U.S. Sanctions Iran’s Financial Sector

On October 8, the Treasury sanctioned 18 major Iranian banks to cut Iran off from the global banking system and deny the regime access to foreign funds and institutions. The new sanctions are the latest step in the Trump administration’s “maximum pressure campaign” to squeeze Iran into renegotiating the 2015 nuclear deal so it would also include ballistic missiles, support for extremist groups, and threats against its neighbors and U.S. allies.

Most Iranian banks, including the Central Bank that facilitates trade and regulates currency, were already sanctioned. The latest U.S. move could make it harder for Iran to finance imports. Treasury Secretary Steven Mnuchin said that the measures would still allow humanitarian transactions, which are exempt from sanctions under U.S. law. “Today’s action targets the Iranian regime and is not directed at the people of Iran,” he assured. But European officials were reportedly concerned that the new sanctions would cripple Iran’s ability to import even humanitarian goods--such as food, pharmaceuticals and medical supplies – amid the coronavirus pandemic. 

Mnunchin vowed that U.S. sanctions “will continue until Iran stops its support of terrorist activities and ends its nuclear programs.” The new sanctions were imposed under an executive order that Trump issued in January allowing the State Department and the Treasury to penalize key sectors of Iran’s economy. 

Foreign companies and banks had already reluctant to do business with Iran for fear of U.S. financial penalties since President Trump withdrew from the 2015 nuclear deal and reimposed sanctions in 2018. Any company or country that does business Iran could face third-party sanctions too. Sanctions have curtailed Iran’s oil exports, a key source of foreign exchange, and contributed to the devaluation of the rial, which hit a record low against the dollar – 300,000 rials for each dollar – on October 1.

Iranian Foreign Minister Mohammad Javad Zarif accused the United States of "conspiring to starve" Iran's population. 

 

On October 9, Secretary of State Mike Pompeo said that U.S. sanctions had denied Iran "tens and tens of billions of dollars" that could have been used to challenge the United States. “We recognize the Islamic Republic of Iran as the greatest threat to that peace – the greatest threat, frankly, to Americans all across this great country. And so we have put enormous costs on the regime itself.” The following is the Treasury’s press release and remarks by Secretary of State Mike Pompeo.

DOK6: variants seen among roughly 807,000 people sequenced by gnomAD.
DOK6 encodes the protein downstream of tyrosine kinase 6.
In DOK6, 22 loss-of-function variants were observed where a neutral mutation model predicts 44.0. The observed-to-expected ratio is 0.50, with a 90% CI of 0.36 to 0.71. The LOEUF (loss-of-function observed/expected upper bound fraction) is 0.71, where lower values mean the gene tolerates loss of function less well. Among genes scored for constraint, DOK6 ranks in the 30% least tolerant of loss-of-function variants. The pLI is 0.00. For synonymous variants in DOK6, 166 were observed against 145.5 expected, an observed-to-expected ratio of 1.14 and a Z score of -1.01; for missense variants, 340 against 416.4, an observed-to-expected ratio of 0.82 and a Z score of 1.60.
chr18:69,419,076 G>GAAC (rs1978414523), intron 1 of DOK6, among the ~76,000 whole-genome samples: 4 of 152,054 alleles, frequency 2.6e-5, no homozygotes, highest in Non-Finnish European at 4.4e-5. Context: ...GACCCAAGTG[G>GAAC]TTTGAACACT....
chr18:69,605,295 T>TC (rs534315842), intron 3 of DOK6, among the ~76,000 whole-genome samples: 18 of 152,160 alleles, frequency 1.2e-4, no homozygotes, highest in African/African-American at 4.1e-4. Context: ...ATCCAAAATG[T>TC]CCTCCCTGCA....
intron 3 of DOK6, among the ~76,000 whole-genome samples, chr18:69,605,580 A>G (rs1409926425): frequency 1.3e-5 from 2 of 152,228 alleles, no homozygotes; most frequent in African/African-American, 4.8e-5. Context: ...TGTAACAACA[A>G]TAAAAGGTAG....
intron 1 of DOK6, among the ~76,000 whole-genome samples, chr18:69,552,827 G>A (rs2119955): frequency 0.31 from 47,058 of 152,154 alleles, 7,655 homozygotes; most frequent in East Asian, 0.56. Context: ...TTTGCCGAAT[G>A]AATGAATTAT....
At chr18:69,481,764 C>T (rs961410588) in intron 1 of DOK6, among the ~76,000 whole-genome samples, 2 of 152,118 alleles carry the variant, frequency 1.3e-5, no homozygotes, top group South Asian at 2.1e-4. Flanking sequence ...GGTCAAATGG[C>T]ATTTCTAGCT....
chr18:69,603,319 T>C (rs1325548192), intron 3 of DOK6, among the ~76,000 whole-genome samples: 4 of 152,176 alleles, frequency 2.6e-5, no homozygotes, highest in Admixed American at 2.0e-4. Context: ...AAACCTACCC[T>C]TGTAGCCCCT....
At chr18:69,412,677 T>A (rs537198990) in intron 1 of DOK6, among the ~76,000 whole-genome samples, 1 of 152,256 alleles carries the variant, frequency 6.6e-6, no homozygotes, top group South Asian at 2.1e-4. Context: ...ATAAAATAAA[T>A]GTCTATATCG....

Treasury Sanctions Eighteen Major Iranian Banks

Today, the Secretary of the Treasury, in consultation with the Secretary of State, identified the financial sector of the Iranian economy pursuant to section 1(a)(I) of Executive Order (E.O.) 13902, which authorizes Treasury to sanction any Iranian financial institution. Subsequently, the Office of Foreign Assets Control (OFAC) sanctioned eighteen major Iranian banks. As part of this action, OFAC sanctioned sixteen Iranian banks for operating in Iran’s financial sector and one bank for being owned or controlled by a sanctioned Iranian bank. Additionally, today’s action includes the designation of an Iranian military-affiliated bank under Treasury’s counter-proliferation authority. 

“Today’s action to identify the financial sector and sanction eighteen major Iranian banks reflects our commitment to stop illicit access to U.S. dollars,” said Secretary Steven T. Mnuchin. “Our sanctions programs will continue until Iran stops its support of terrorist activities and ends its nuclear programs. Today’s actions will continue to allow for humanitarian transactions to support the Iranian people.”

Treasury’s action was taken pursuant to E.O. 13902, which provides authority to identify and impose sanctions on key sectors of Iran’s economy in order to deny the Iranian government financial resources that may be used to fund and support its nuclear program, missile development, terrorism and terrorist proxy networks, and malign regional influence. Treasury also sanctioned one bank pursuant to E.O. 13382, which provides authority to impose sanctions on proliferators of weapons of mass destruction (WMD) and their supporters.

The action under E.O. 13902 does not affect existing authorizations and exceptions for humanitarian trade, which remain in full force and effect for these seventeen banks. This action also does not affect activities subject to a State Department-issued waiver or exception, or activities subject to an OFAC general or specific license.